August 16th, 2010, 05:29 PM
Spar' or Gos' ....?
Gentlemen; I've had this shot for several years now. I'd pretty much forgotten about it, to be honest. Now, maybe, I can find the definitive ID?
Craic is, I'm a rural Pest Controller, here in wild and woolly Co. Leitrim. One day, a neighbouring farmer asked me if I had any traps set down on the far land. I didn't. So, he asked what might be causing the cries he'd heard down there. Off I went .....
I soon noticed this ~ as I remember it, though it Was four years ago ~ sort of " Pelewwww! " call. This I tracked down as coming from this bloody great Hawk.
Yada, yada. I observed this thing as it flew from tree to tree, in a sixty yard or so circuit. I was probably about twenty yards off when I grabbed the shot with my pocket digital, on full zoom.
Then the parent bird showed up. 'She' was carrying what I could see even from a great distance, was a full grown rat. Tell by the shape. But, she never gave me a closer look. She peeled off and called the youngster to her.
I went back next day, with my bin's, and got a couple of glimpses of the adult ferrying food in for the juv'. Frustratingly, nothing definitive!
'Obviously' they were Sparrowhawks or Gos'. I really have zero experience of Goshawks. But, my god, the Size of this youngster?! Yet, I can't discount a big 'n beefy, female Spar'.
Can anyone here?
August 16th, 2010, 07:20 PM
August 16th, 2010, 08:14 PM
Deep water and clutching at straws, Colin. Too right!
Fair sized ash tree. I wouldn't like to be falling out of it.
I was rather hoping something about the posture of the bird, or anything I've related, might have indicated a fairer bet.
I have read, since, how Spar's are bold around people, while Gos' stay away? Well, the adult was having absolutely none of me! Barely came within visual range, to be honest. Just veered off when she saw me and stayed hidden. Next day, perhaps figuring I just wasn't going away, she streaked into view. Seemed to hand the young one something in mid air ~ or what ever it was. Don't honestly remember now and I was trying to concentrate on markings. Then she was gone.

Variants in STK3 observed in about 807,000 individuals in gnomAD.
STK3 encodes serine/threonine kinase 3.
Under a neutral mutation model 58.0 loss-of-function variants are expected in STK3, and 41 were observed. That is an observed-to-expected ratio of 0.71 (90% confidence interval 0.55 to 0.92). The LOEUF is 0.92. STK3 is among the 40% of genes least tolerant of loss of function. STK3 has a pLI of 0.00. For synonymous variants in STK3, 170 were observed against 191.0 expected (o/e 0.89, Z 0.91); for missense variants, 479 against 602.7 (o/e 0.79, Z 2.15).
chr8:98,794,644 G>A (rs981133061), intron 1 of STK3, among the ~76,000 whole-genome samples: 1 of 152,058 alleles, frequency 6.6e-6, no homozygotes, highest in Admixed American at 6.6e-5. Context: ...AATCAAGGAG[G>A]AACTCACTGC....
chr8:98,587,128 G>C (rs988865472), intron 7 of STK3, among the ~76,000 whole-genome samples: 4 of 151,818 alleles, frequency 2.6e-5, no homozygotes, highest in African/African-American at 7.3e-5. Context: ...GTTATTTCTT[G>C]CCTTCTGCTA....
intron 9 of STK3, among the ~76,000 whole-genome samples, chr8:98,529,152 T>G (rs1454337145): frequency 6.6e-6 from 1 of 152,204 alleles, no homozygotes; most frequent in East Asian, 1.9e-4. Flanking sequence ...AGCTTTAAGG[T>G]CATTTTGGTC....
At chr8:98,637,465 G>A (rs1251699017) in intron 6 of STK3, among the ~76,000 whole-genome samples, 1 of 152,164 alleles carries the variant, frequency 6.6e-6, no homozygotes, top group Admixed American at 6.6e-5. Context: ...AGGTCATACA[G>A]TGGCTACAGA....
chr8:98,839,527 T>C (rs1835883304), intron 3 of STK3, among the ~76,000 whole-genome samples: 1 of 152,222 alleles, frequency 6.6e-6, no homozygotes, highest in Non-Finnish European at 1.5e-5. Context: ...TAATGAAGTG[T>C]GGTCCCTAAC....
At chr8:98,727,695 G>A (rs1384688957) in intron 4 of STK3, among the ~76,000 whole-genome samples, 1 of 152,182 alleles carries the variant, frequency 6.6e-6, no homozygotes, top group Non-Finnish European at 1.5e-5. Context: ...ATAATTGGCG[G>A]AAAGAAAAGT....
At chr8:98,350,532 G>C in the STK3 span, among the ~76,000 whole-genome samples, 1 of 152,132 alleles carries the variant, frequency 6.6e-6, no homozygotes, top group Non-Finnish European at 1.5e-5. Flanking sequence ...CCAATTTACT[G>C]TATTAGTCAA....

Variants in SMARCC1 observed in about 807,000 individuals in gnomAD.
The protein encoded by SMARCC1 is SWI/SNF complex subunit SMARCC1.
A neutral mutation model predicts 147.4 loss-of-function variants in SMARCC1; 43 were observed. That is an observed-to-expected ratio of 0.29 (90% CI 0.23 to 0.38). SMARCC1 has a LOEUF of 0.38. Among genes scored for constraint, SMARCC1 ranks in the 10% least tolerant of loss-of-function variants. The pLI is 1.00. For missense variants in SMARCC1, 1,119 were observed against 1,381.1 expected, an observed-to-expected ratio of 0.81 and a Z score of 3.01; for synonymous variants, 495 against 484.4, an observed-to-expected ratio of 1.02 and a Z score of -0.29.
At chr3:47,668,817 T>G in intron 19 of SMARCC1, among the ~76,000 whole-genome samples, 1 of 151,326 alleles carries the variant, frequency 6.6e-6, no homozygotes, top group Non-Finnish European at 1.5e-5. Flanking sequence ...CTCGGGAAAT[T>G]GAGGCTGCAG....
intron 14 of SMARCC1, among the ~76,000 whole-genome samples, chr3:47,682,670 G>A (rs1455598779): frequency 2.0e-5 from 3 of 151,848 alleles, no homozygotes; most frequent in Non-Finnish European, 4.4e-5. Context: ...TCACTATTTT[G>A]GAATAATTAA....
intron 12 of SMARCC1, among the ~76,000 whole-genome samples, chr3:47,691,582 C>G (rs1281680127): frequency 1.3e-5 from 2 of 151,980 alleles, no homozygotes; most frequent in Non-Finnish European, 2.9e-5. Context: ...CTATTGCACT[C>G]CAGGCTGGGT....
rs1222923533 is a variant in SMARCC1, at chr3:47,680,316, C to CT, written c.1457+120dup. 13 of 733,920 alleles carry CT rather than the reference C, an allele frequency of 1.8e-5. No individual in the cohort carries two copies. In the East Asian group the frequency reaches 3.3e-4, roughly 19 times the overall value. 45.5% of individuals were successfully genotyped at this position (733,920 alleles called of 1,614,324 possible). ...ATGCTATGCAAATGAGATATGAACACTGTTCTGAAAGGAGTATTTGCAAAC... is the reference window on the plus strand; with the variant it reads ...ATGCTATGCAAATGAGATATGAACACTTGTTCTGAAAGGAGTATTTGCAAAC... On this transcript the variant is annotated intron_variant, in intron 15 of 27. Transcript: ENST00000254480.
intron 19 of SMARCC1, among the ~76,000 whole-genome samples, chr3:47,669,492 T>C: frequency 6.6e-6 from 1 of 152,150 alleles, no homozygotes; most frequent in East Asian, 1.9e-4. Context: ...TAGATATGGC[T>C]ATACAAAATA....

Frankly? I reckon Goshawk. I'm just not up enough on juvenile, female Spar's to have made that call. Same with the legs. I couldn't get a look at the eyes. But, that young'n Was a whopper! No two ways about that.
August 16th, 2010, 09:33 PM
Looks Sprawk shaped to me. Sorry!
August 16th, 2010, 09:36 PM
Well I wouldn't argue with Colin's metaphors, but my strong gut feel from the photo is Sparrowhawk. The description of the call matches Sparrowhawk sort-of well but I'm not sure it matches Goshawk (I've heard very few Goshawks but the ones I have heard didn't sound like this). Check out the calls on xeno-canto for Sparrowhawk and Goshawk.
The new Collins guide does not show Ireland as within range for Goshawk, though I'm not sure if that's right - there are certainly reports of them breeding in Northern Ireland at least. In any case Sparrowhawk is clearly much likelier than Goshawk.
Size is always extremely difficult to judge and it's very easy, even for experienced observers, to get the wrong impression of size. Even with the right impression of size big beefy Sparrowhawks are big and beefy!
So my guess would be Sparrowhawk, but like Colin says...
August 17th, 2010, 10:37 AM
I don't think you can say either way from the photo.
The call is a juv begging call (as per Sparrowhawk), and xeno-canto doesn't have this for Goshawk but I can't imagine it's very different from Sparrowhawk - even Common Buzzard can sound similar.
If you saw several birds over several days then chances are a female would have been around. So it should have been fairly obvious if any of them were absolutely massive (Buzzard-sized, as opposed to Crow-sized).
The old rule of thumb about Goshawks/Sparrowhawks (if you're asking the question then it's a Sparrowhawk) isn't a bad one.
August 17th, 2010, 01:03 PM
Having looked at (and manipulated in Photoshop) this image, we are going nowhere!
Originally Posted by Ditch
The quote above from Ditch's post is most definitely not Goshawk behaviour (I see more Goshawks than Sparrowhawks here) - when a Goshawk has seen you it is "up, off and away", Sparrowhawks are much more used to human presence and less likely to be spooked.
But certainly no definitive answer to this one.
August 17th, 2010, 03:36 PM
I am afraid that it is nigh on impossible to identify the bird from this one (poor) image: I suppose that the apparently narrow ventral area might suggest Sparrowhawk more than Goshawk, and Sparrowhawks are a LOT commoner in Ireland than Goshawk, but I simply can't say any more on the available evidence.
August 17th, 2010, 05:34 PM
August 17th, 2010, 05:47 PM
There has been a lot written on forums about distinguishing between Goshawks ans Sparrowhawks, especially between male Gos and female Spars, and usually "in flight".
I have seen Goshawks at very close quarters (disturbed one recently eating a kill at 20 metres perched in a tree), the closest ever being a falconer's bird at Rainham Marsh many years ago. Once seen, never forgotten (apart from distant flight views) - they are almost the size of Buzzards and have a totally different "feel" (for want of a better word) to them than Sparrowhawks.
Better luck next time.